I Saw Jesus Today
I imagine those are some of the reactions you may have had when you read my headline, but it’s true. Let me explain.
In Scripture (Matthew 25:31-40), Jesus says something profound. He’s talking to a group of people – some who love him and some who hate him. He’s talking about two kinds of people…the people who stop to clothe and feed and care, and the people who are too “busy” or otherwise ignorant to the plight of those in trouble.
He says that those who have cared are going to be invited into the party. Those who didn’t, no party. My paraphrase. This is the 21st century version, ok?
He goes on to say to the first group, basically, “when I was hungry, you fed me. When I was naked, you clothed me. When I alone, you comforted me.”
As the story goes, this group of people who are like “What? When did we feed your or clothe you or comfort you?”
Jesus then says one of the most profound statements in all of history, one that holds incredible significance to me. He says “Whatever you’ve done for the least of these, you’ve done for me.”
Meaning, when they saw someone who was hungry, and then gave them food, they were actually, in some metaphysical supernatural way, feeding the very belly of God. They were mystically giving comfort to the Creator of all things
Really pause for a second to digest this. If this is true, then what does that mean to you and I? Could it really be that when we go get groceries for that old lady down the hall in our apartment who smells like old pee we’re actually buying groceries for Jesus?
When we see the guy at the end of the bar, smoking his cigarette, staring blankly into his beer looking so sad, and we feel compelled to go over and offer him some words of encouragement, are we really, in some strange way bringing comfort and joy to the Author of all the Universe?
On the other hand, Jesus says to the second group “Depart from me…” And they’re like, “When did we see you hungry or naked or thirsty or in need?” And Jesus reminds them of the times when they didn’t pause.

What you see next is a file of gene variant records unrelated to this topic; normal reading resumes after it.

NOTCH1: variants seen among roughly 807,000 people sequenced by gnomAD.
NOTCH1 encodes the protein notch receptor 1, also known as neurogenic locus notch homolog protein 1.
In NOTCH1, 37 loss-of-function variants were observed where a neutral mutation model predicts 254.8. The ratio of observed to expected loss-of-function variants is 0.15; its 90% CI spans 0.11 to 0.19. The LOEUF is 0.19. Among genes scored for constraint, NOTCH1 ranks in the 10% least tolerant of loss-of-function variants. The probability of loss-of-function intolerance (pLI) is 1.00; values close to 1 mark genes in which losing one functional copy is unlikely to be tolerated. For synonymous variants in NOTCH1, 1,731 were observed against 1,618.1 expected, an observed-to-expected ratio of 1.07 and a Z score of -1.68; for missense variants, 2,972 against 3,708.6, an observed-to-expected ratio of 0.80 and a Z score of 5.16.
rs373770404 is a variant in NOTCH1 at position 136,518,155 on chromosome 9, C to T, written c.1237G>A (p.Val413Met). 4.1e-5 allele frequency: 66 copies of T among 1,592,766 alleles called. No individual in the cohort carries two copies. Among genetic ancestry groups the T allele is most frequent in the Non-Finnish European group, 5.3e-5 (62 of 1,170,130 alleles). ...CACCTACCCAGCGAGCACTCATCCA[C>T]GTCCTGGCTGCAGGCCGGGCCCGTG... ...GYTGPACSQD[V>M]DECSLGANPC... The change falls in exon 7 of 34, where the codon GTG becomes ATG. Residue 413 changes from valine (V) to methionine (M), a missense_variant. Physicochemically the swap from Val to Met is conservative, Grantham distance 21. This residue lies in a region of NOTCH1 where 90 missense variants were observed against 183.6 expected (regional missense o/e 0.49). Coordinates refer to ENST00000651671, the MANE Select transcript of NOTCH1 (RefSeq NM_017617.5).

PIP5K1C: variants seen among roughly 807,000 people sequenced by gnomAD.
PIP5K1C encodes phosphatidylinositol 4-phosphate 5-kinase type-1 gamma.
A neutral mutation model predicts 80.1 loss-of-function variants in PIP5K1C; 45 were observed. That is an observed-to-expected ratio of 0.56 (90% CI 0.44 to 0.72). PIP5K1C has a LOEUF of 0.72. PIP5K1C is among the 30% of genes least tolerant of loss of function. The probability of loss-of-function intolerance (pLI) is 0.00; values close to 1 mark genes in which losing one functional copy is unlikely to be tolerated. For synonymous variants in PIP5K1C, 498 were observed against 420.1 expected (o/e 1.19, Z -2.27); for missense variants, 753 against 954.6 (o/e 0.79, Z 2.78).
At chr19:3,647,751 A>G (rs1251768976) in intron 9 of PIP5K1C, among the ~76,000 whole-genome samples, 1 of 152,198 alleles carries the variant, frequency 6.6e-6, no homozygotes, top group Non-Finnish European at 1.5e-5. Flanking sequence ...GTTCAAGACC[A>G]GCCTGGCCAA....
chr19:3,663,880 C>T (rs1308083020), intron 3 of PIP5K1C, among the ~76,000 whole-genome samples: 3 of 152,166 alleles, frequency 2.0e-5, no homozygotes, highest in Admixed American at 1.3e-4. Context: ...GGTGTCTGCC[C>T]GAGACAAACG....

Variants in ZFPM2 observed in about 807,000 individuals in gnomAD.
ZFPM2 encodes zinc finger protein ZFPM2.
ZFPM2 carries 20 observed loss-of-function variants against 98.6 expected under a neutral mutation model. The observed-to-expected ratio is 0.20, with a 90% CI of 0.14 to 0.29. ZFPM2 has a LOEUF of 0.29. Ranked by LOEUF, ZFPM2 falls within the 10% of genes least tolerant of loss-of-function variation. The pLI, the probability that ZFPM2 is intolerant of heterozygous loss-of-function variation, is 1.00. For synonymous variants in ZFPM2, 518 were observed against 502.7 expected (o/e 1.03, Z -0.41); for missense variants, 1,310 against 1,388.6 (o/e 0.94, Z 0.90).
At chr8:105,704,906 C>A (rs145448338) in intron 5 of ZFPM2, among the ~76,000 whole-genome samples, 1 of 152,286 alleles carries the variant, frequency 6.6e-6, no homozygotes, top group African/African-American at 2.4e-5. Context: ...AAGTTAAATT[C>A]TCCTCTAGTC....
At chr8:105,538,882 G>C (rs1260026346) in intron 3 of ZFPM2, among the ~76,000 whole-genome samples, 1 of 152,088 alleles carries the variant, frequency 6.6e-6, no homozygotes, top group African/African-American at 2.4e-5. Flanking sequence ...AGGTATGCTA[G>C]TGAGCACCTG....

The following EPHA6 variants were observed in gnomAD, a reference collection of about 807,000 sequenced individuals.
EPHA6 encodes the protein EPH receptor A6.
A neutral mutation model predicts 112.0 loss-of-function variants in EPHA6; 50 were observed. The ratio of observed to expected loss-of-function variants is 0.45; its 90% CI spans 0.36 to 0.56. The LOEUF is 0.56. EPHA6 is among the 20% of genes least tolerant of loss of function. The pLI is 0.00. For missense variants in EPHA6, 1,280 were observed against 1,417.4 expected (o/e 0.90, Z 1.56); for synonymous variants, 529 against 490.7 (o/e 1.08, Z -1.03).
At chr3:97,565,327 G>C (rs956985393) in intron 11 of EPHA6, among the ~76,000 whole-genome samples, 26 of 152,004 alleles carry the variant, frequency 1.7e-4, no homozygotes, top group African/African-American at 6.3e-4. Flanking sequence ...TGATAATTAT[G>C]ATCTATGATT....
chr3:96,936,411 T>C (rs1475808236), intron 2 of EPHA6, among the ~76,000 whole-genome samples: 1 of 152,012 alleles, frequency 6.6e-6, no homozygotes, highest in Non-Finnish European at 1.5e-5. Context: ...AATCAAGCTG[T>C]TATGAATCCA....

The time when they were too busy updating their Facebook status on their iPhone to stop and hug the sad woman in the grocery store.
The time when they spent half their marriage finding fault and being ruthlessly cold to their partner.
Now, without getting too into it, this is where grace comes into play. We are going to mess up and be mean and fail to help. It’s a given, no matter how hard we try.
Yet the moral of this little tale is to live your life with the attitude. It’s a long-term lifestyle that we can practice each day.
So to that end, and with all these layers in place, let me tell you how I saw Jesus today.
I was at an office building, and I saw a lady getting out of her car. She was in obvious discomfort, hobbling and straining. I’ve seen this woman before, and she’s extremely kind and pleasant, and I’ve noticed that she has some kind of challenge.
So I asked her if she needed help, to which she responded that someone from the office usually comes out to help her in.
At that moment, this blond-haired guy comes running – I mean sprinting – out of the office building with a giant smile on his face, as if this – helping this nice little lady – was the highlight of the day for him.
And I almost started crying.
In that instant, I saw Jesus.
I didn’t know Jesus was blond or that he wore a Pittsburgh Penguins Stanley Cup Champions shirt or that he had an American accent.
And I didn’t know that Jesus was a short little African American woman with some kind of muscular disorder who struggled to get out of a car.
Yet there was no denying it was him.
Today, ask yourself the following questions: where is my opportunity to touch the Creator? How do I care for “the least of these?” And when I see these opportunities, will I ignore them? Or will I embrace them?